THE THOUGHTS OF VALERIE SOLANAS (in the minute before shooting Warhol and the minute after) X Rushika Wick

Drawing x Rushika Wick

THE THOUGHTS OF VALERIE SOLANAS (in the minute before shooting Warhol and the minute after)

Rushika Wick

Freak! Read the S.C.U.M. manifesto!
You reek of distilled Paris
and privilege
and those neat risograph prints
ricochet with linear patriarchy,
the oppression of pressed paper
produced in moneyed parody.

Your hand is a distant memory in your work,
let it make true marks like a philosopher again!
I swear I have lived honestly;
let my words be a gift to you.

You and your wife – ‘the tape recorder’
for you (of all people) get what ‘wife’ is;
a silent witness, a recipient, a perpetrator,
same as whores,
same as all of us
with intact chromosomes
being fucked roughly
like islands in storms.

Yellow is the colour of the future,
a hooker’s shirt and guess what
I’m wearing it today
but have no sex at all and yes
I weep for you
and your weary womb-envy.

I think about what makes you a success,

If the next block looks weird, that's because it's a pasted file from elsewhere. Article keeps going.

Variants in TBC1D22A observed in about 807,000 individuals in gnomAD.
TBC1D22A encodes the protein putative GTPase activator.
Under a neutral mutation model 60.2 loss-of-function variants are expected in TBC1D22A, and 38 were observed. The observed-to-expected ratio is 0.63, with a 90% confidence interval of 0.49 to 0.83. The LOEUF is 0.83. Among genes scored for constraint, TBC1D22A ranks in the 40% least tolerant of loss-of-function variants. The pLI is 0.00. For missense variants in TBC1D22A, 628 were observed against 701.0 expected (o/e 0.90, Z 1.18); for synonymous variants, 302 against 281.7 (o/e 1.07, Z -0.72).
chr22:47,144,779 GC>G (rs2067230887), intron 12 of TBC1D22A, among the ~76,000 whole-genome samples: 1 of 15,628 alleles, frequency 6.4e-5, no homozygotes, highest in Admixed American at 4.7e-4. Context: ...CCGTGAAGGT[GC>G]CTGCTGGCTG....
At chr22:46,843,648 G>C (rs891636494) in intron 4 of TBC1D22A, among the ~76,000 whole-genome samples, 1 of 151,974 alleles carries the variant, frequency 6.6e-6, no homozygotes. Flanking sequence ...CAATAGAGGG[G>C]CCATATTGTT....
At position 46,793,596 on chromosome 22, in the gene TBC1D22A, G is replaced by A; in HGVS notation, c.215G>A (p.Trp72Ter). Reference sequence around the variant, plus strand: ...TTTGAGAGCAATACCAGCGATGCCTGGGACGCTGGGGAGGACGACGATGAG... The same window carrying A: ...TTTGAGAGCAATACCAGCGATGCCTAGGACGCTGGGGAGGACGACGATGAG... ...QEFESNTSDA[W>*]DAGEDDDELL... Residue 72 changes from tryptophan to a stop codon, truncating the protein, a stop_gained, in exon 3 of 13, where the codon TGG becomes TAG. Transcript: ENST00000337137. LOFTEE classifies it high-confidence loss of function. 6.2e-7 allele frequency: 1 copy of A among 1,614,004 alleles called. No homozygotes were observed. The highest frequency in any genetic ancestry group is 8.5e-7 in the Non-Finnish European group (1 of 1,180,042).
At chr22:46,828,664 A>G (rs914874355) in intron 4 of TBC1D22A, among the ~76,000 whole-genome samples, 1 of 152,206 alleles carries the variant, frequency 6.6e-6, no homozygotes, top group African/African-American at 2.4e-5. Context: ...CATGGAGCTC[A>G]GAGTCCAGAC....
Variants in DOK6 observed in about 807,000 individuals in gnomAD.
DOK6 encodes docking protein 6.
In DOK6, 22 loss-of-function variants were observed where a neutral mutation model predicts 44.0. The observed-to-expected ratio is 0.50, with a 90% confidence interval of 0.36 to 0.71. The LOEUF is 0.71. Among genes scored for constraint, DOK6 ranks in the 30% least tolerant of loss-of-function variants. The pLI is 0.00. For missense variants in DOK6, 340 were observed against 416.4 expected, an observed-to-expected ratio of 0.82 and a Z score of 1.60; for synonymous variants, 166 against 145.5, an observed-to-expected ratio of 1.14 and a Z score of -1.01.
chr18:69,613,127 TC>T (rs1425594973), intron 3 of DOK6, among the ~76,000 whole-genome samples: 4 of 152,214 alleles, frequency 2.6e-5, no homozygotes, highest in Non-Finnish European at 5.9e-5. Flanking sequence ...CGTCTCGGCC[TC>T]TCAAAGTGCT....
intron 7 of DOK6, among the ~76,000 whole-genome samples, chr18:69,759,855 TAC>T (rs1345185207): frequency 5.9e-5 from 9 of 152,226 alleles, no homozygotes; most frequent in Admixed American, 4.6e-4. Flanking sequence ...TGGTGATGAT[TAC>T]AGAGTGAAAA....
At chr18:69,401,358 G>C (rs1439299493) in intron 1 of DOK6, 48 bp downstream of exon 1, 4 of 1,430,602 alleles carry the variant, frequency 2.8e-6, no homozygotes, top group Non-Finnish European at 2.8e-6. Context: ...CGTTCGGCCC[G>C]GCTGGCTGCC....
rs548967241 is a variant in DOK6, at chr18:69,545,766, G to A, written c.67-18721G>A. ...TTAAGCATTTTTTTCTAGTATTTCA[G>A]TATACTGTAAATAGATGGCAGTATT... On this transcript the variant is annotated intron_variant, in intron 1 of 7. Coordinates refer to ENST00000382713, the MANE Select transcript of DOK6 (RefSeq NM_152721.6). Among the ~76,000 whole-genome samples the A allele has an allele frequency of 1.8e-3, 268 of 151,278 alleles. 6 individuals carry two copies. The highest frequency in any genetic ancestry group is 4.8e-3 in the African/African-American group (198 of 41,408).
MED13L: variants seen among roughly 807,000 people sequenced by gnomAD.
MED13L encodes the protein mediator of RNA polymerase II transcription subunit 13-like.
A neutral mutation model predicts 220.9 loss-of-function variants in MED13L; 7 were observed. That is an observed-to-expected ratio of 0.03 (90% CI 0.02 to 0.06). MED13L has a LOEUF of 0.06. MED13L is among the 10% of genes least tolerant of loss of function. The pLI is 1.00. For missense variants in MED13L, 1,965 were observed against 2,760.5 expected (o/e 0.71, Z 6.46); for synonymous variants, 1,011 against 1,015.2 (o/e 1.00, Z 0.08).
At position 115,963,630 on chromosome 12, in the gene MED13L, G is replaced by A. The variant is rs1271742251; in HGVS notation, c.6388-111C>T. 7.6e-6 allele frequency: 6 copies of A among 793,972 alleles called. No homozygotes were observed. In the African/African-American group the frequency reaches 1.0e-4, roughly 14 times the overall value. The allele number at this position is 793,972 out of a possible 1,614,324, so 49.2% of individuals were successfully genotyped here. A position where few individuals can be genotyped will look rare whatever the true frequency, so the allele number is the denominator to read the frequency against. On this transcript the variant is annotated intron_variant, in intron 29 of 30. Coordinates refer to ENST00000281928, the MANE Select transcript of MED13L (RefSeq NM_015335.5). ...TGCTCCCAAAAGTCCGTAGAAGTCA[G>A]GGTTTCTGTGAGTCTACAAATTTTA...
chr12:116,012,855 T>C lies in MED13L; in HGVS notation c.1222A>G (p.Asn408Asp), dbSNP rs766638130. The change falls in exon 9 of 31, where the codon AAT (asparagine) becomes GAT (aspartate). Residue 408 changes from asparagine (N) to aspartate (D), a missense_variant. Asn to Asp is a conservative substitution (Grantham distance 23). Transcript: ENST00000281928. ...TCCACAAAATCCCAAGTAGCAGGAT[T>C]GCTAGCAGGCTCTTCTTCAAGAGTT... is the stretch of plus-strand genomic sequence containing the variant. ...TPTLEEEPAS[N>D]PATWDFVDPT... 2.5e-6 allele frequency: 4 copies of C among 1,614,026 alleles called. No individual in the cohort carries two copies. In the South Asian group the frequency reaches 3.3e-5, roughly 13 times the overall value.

and me, a sideshow, an extra.

Tricks and mantras for a living
skin and bone on skin and bone
and the rickety-tick of a typewriter
drawing a thread of sound
through an unlit room
like an electric shock in Bellevue
reserved for the dissenting undead.


Let’s call this a hysterectomy
of sorts, the language of violence
has its own vowel sounds
and is smokeless like cordite,
as bright as junk-light,

you were sharkish
when last in the diner
and it made me uneasy –
you thought my anger was
a bloodhound sniffing out
plagiarism, appropriation,

when really what broke me
was the carelessness
of misplacement
which -nota bene –
only the patriarchy can afford.

I leave you a paper bag
with my address book –
ring my friends,
call in my debtors,
clamp the sanitary pad
to your bleeding spleen
Peroxide Jesus, and I’ll see you
on the other side.

Rushika Wick is a writer currently studying at the Poetry School, London. She has had publications in magazines including Litro, Cold Lips, Word-o-mat and Ambit. Her writing often explores the embodiment of social contracts for the purpose of protest.

You can find her Belladonna Poetry Clinic here

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